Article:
The United States technology sector is dominated by a few clusters, mainly Silicon Valley, San Francisco, Seattle, Austin, New York City and Boston but is there room for one more? Miami hopes so.
The South Florida city is far behind the big players in regards to venture capital and entrepreneurial clout but it does have a solid financial system, sunny weather and most importantly a huge amount of talented Latin Americans.
"This is our natural advantage," says Jerry Haar, Director of the Pino Global Entrepreneurship Center at Florida International University .
The recent tech boom has spread from Silicon Valley throughout the Americas, and Miami wants to be the place where Latin Americans start their businesses.
Susana Amat, the co-founder and director of the University of Miami's Launch Pad and one of Miami's biggest champions of entrepreneurship, is confident about the city's potential.
"Miami will be the tech hub of the hemisphere within five years," she said.
Indeed, the startup trend in Miami is hot right now. Miami-based Open English, an online language learning platform, landed $43 million in investment in July. Amat's Launch Pad recently announced it will open Miami's first technology accelerator program in 2013 and provide $25,000 grants to high-potential entrepreneurs.
You can see the impact on the ground as well. The city has hosted a number of well-attended hack-a-thons and meet-ups this year. The LAB Miami, a shared work space targeted to creative startups, is expanding in size from 720 square feet to 10,000 square feet this winter and hopes to increase its member base from 24 to 150 next year.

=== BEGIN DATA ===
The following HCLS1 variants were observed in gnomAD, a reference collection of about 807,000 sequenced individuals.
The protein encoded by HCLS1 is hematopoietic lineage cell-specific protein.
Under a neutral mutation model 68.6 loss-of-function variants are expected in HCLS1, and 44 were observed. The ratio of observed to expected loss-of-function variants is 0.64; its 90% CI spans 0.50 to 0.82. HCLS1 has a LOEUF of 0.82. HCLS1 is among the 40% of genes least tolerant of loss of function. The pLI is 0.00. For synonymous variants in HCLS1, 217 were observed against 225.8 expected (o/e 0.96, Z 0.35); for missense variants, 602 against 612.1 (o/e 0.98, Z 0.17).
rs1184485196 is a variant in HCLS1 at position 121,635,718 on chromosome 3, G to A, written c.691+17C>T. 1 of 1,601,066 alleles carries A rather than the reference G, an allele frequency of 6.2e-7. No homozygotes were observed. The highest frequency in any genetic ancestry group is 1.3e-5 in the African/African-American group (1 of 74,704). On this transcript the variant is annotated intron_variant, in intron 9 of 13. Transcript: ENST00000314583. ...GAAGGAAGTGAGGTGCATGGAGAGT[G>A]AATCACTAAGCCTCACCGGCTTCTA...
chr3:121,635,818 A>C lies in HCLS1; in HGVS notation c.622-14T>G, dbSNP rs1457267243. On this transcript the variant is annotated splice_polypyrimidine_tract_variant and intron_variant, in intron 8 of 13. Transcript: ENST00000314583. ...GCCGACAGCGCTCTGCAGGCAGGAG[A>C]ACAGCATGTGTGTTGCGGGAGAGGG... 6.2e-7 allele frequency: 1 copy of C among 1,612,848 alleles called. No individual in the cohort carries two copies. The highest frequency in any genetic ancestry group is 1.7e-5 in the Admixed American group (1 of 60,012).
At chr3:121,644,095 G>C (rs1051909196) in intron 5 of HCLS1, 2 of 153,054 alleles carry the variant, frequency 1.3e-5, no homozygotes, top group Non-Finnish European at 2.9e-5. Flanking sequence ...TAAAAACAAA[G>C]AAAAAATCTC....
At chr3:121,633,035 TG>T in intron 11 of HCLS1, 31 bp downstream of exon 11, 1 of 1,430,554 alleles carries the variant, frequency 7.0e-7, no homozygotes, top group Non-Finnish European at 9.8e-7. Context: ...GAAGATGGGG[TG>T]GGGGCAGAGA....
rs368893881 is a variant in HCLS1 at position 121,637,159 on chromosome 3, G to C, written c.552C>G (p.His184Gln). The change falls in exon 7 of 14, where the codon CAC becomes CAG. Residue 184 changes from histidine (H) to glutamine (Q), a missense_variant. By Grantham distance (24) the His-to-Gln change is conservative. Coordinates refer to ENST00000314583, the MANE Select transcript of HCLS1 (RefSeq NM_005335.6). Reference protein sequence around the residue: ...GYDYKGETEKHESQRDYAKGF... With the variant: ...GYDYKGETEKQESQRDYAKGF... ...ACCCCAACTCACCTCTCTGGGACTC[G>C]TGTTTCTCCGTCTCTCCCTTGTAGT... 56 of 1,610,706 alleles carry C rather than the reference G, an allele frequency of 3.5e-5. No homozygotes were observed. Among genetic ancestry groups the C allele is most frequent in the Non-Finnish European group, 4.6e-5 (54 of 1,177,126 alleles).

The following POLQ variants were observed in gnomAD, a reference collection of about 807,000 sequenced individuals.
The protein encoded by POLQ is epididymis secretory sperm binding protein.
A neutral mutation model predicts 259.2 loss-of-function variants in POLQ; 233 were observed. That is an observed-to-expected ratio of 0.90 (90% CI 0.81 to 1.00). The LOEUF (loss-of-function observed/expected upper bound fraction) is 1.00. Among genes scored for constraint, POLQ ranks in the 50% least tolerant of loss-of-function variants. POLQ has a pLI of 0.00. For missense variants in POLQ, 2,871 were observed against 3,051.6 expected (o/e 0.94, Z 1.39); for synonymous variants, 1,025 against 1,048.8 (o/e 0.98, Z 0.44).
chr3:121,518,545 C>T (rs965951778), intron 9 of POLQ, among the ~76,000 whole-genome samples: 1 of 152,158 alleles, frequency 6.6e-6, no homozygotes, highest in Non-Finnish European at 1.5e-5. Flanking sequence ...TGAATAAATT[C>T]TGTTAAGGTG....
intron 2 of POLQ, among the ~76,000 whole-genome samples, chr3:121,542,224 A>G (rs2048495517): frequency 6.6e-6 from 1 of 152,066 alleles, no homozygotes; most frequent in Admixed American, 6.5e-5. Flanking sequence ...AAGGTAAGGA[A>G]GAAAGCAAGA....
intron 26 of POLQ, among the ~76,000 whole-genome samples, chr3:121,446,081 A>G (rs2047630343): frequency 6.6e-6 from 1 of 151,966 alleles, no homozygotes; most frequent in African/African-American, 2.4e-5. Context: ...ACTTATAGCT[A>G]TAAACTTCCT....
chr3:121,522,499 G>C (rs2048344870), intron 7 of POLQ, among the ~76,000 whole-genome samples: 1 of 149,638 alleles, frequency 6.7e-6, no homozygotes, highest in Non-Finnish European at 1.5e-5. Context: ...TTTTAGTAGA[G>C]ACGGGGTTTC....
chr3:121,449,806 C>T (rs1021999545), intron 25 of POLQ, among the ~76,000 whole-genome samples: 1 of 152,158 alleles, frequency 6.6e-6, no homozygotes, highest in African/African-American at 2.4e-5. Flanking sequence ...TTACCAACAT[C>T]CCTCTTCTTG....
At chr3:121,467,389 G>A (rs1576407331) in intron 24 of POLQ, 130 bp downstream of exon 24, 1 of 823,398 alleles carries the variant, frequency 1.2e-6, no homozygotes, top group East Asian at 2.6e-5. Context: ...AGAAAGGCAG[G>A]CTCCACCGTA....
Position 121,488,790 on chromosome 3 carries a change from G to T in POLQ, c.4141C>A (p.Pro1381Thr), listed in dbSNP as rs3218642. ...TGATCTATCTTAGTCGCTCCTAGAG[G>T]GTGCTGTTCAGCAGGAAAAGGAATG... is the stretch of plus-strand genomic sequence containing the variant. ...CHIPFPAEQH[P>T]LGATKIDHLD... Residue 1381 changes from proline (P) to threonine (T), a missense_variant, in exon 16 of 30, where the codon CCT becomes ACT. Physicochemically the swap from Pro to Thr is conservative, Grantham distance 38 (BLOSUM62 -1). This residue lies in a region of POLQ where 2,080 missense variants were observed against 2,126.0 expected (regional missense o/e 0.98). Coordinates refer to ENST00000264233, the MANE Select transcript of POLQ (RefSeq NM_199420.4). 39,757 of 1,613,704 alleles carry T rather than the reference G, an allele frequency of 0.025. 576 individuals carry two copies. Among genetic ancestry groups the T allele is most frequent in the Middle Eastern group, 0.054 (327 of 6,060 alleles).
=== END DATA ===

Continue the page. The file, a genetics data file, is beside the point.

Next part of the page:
In many ways, Miami has definite advantages over Latin America, especially in regards to business environment. The U.S.'s clear and enforceable system of rules is attractive to Latin American entrepreneurs who want to avoid the red tape and corruption prominent in places like Sao Paolo, Mexico City or Buenos Aires. The U.S. patent system also guarantees that new ideas will be protected and provides a safe environment to take risks and innovate.
Miami has a few advantages over the rest of the U.S. as well. It is diverse, bilingual and welcoming to immigrant entrepreneurs. A base in the city can help a company reach both the U.S. and Latin American markets. A vibrant art scene has added culture and creativity and there is a lot of potential investment. Thanks to the many wealthy Latin American families that have parked their money in Miami banks (and real estate) there is more financial capital per capita in Miami than in any other U.S. city.
But there are obstacles. For example, how does one attract talent and the need to improve education and continue developing the entrepreneurial ecosystem?
"We love Miami but it's tough," Nicolai Bezsonoff, the Colombian co-founder of .CO, told the Miami Herald recently. "What Miami-Dade, Susan [Amat] and Launch Pad are doing is great, but there has to be more of that."
There is a lack of investor education and engagement in the startup community. There is also a restrictive national immigration system that makes things more difficult than they should be.
Fortunately for Miami, its ties to Latin America provide a unique advantage. Entrepreneurs like Bezsonoff and co-founder Juan Diego Calle are expanding their business and actively supporting the local entrepreneurship scene.
Attracting the most talented entrepreneurs from an emerging region and mixing them into the U.S. entrepreneurial system is a recipe for success. If Miami's public, private and academic sectors can create the right environment the investment will come, entrepreneurs will set up shop and successful businesses will be created.
Haar points out that all existing tech hubs have "mother ships" like Google (among others) in Silicon Valley, Microsoft in Seattle and Dell in Austin that drive local innovation. Miami has made progress but to become a regional tech hub it needs some clear success stories and a "mother ship" idea. Maybe it can import one from Latin America.